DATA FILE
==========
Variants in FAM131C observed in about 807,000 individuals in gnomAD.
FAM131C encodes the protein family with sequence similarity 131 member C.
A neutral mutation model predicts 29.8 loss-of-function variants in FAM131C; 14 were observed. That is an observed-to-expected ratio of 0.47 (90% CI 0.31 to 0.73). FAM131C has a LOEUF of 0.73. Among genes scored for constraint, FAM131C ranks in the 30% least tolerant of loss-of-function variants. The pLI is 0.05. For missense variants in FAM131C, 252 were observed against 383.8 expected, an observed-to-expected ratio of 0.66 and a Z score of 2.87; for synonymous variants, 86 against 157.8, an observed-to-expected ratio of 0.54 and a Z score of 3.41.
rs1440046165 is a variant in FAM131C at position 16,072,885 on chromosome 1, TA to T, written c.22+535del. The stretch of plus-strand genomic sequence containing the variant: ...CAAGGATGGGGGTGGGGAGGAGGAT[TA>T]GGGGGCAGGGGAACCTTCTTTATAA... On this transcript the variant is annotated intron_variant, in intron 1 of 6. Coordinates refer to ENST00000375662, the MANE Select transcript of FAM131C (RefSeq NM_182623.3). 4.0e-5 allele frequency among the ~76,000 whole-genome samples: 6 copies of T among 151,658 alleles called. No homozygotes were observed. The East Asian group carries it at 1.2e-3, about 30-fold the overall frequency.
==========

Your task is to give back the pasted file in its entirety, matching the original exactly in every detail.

Variants in FAM131C observed in about 807,000 individuals in gnomAD.
FAM131C encodes the protein family with sequence similarity 131 member C.
A neutral mutation model predicts 29.8 loss-of-function variants in FAM131C; 14 were observed. That is an observed-to-expected ratio of 0.47 (90% CI 0.31 to 0.73). FAM131C has a LOEUF of 0.73. Among genes scored for constraint, FAM131C ranks in the 30% least tolerant of loss-of-function variants. The pLI is 0.05. For missense variants in FAM131C, 252 were observed against 383.8 expected, an observed-to-expected ratio of 0.66 and a Z score of 2.87; for synonymous variants, 86 against 157.8, an observed-to-expected ratio of 0.54 and a Z score of 3.41.
rs1440046165 is a variant in FAM131C at position 16,072,885 on chromosome 1, TA to T, written c.22+535del. The stretch of plus-strand genomic sequence containing the variant: ...CAAGGATGGGGGTGGGGAGGAGGAT[TA>T]GGGGGCAGGGGAACCTTCTTTATAA... On this transcript the variant is annotated intron_variant, in intron 1 of 6. Coordinates refer to ENST00000375662, the MANE Select transcript of FAM131C (RefSeq NM_182623.3). 4.0e-5 allele frequency among the ~76,000 whole-genome samples: 6 copies of T among 151,658 alleles called. No homozygotes were observed. The East Asian group carries it at 1.2e-3, about 30-fold the overall frequency.